Hearst Newsreels, Arizona Groundwater, Google Calendar, More: Friday ResearchBuzz, May 19, 2023


New from the UCLA Film & Television Archive: The Web site does not use an encryption certificate and I could not find any announcements anywhere but Facebook and Twitter, so I was not hopeful. Sounds like a great collection, though. From the front page: “In 1981, the Hearst Corporation donated its newsreel collection to the University of California. In cooperation with the UCLA Film & Television Archive, the Packard Humanities Institute is developing this website as part of a joint project to make the Hearst newsreel collection more easily accessible to the public.” Newsreels cover 1929-1967. I just watched Elizabeth Arden talk about the return of the natural waistline in 1930. Ma’am, mine never went anywhere.

USGS: New Online Maps for Exploring Groundwater Levels in Arizona. “New interactive maps that can address different questions about groundwater availability in Arizona were released today by the U.S. Geological Survey. Called the Arizona Groundwater Explorer, or AGEx, the maps provide water managers, decision-makers, and the public, information on historical, current, and change in groundwater levels in Arizona to help sustainably manage this shared resource.”


9to5 Google: New Google Docs Calendar template lets you collaborate on invites. “Following Gmail last year, Google Docs is adding a new Calendar event template that lets you ‘collaborate with others to draft calendar invites.'”

Search Engine Land: Google defines which languages translated search results will show up in Google Search. “As you may know, Google Search may translate the title link and snippet of a search result snippet for results that aren’t in the language of the search query. Google has now updated its help document it initially added a year and a half ago to include which languages this works for.”

ZDNet: Deleted Twitter messages are reappearing for some users. “Say you deleted some Twitter messages. Perhaps, you just wanted to get rid of some blunders. Maybe, you tweeted some things you regretted, or you needed to erase some tweets that would land you in a lot of trouble with your boss. Well, you’d better check your Twitter feed. Those messages you thought were long gone may have reappeared.”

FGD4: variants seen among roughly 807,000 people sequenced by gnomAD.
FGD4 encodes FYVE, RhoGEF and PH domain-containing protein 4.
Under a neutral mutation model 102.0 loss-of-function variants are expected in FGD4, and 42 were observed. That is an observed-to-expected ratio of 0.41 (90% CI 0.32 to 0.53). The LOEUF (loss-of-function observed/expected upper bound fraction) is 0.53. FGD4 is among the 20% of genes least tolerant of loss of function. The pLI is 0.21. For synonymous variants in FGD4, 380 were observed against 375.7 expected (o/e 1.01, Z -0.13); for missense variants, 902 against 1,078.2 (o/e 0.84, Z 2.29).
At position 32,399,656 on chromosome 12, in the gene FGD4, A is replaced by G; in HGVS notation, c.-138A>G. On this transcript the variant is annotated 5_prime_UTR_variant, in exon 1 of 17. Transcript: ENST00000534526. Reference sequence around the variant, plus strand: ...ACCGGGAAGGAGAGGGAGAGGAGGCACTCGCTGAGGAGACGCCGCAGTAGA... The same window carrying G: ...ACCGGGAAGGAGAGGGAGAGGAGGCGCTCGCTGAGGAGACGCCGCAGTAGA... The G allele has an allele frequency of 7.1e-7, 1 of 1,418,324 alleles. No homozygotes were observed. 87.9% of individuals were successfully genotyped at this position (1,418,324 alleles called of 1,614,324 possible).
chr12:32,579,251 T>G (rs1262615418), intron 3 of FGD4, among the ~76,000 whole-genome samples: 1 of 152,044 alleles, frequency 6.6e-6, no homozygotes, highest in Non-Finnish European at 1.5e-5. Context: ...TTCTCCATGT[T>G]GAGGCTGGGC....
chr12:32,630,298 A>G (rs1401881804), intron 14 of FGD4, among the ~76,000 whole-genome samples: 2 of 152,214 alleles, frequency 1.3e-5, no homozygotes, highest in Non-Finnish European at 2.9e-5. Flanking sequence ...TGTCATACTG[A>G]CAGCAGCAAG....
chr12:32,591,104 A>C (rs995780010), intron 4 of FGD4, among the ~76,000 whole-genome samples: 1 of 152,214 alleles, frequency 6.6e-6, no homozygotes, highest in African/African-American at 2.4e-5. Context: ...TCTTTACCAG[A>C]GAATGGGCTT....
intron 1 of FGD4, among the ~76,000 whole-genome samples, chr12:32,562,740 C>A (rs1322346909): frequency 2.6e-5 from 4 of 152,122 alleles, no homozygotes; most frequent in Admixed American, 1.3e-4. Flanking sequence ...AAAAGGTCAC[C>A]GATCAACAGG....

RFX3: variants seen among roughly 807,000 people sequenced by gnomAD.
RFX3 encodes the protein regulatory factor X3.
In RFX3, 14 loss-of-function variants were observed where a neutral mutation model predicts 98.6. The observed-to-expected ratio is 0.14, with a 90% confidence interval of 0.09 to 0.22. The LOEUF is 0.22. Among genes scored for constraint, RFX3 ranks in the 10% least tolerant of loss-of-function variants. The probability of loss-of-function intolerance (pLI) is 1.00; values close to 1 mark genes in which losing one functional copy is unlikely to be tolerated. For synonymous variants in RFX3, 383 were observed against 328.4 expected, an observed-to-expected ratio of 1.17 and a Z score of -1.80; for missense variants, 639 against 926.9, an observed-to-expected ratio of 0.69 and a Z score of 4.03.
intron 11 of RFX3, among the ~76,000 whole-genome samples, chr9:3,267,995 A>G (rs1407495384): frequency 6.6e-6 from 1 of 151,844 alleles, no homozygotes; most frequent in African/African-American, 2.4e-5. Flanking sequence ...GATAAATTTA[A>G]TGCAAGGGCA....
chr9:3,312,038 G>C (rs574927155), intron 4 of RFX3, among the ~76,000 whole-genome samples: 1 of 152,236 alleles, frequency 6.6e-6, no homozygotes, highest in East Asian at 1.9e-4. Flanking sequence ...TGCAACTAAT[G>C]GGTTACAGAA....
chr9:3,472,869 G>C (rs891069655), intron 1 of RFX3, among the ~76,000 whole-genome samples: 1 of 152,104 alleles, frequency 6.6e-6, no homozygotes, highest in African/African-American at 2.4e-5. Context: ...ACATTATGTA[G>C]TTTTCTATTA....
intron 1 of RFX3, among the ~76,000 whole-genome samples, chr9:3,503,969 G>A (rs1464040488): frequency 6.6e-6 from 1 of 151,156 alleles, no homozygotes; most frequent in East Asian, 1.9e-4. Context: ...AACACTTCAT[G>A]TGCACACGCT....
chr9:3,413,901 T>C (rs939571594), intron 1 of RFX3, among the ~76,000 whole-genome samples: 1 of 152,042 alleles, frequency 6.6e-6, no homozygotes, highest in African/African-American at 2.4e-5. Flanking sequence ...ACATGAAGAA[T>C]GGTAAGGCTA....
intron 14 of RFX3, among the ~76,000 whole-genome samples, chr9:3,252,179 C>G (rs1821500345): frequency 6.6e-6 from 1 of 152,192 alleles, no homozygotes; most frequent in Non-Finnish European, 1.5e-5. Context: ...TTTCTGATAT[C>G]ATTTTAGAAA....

University of Florida: Sharing Underground Railroad’s oral histories. “Under the guidance of the National Park Service and the National Underground Railroad Network to Freedom, UF staff and students in the Samuel Proctor Oral History Program will record the oral and family traditions of Underground Railroad descendants and representatives.”

Bloomberg: Google to Phase Out Cookies for 1% of Chrome Users in Early 2024. “Alphabet Inc.’s Google will phase out third-party cookies for 1% of the users of its Chrome browser in the first quarter of 2024, a key step in a plan that will upend how advertisements are targeted on websites.”


WIRED: This is catfishing on an industrial scale. “Liam is one of hundreds of freelancers employed all over the world to animate fake profiles and chat with people who have signed up for dating and hookup sites…. Often recruited into ‘customer support’ or content moderation roles, they found themselves playing roles in sophisticated operations set up to tease subscription money from lonely hearts looking for connections online.”

New York Times: Extremism Finds Fertile Ground in Chat Rooms for Gamers. “A report, released on Thursday by the NYU Stern Center for Business and Human Rights, underscored how deeply rooted misogyny, racism and other extreme ideologies have become in some video game chat rooms, and offered insight into why people playing video games or socializing online seem to be particularly susceptible to such viewpoints.”


Caltech: Reviving the Past with Artificial Intelligence. “While studying John Singer Sargent’s paintings of wealthy women in 19th-century society, Jessica Helfand, a former Caltech artist in residence, had an idea: to search census records to find the identities of those women’s servants. ‘I thought, “What happens if I paint these women in the style of John Singer Sargent?”‘… To recreate a style from history, she turned to technology that, increasingly, is driving the future.”

Statistics Netherlands: CBS develops experimental database of supply chains in the Dutch economy. “Production chains play a major role in the Dutch economy, but they are vulnerable to disruptions. Statistics Netherlands (CBS) is developing a database to understand the production chains for Dutch companies. The database is still in the experimental phase, but some initial analyses have recently been published.”


Boing Boing: Uncle Apple educates kids through rap songs that slap. “When Georgia-based singer/songwriter Kyle Lucas isn’t making his own music, he’s making catchy rap songs for kids under the moniker ‘Uncle Apple.’ Inspired by his niece (who gave him the nickname) and two nephews, Kyle started creating these fun and educational songs to teach kids important stuff like washing hands, learning colors, and getting outside.” Good morning, Internet…

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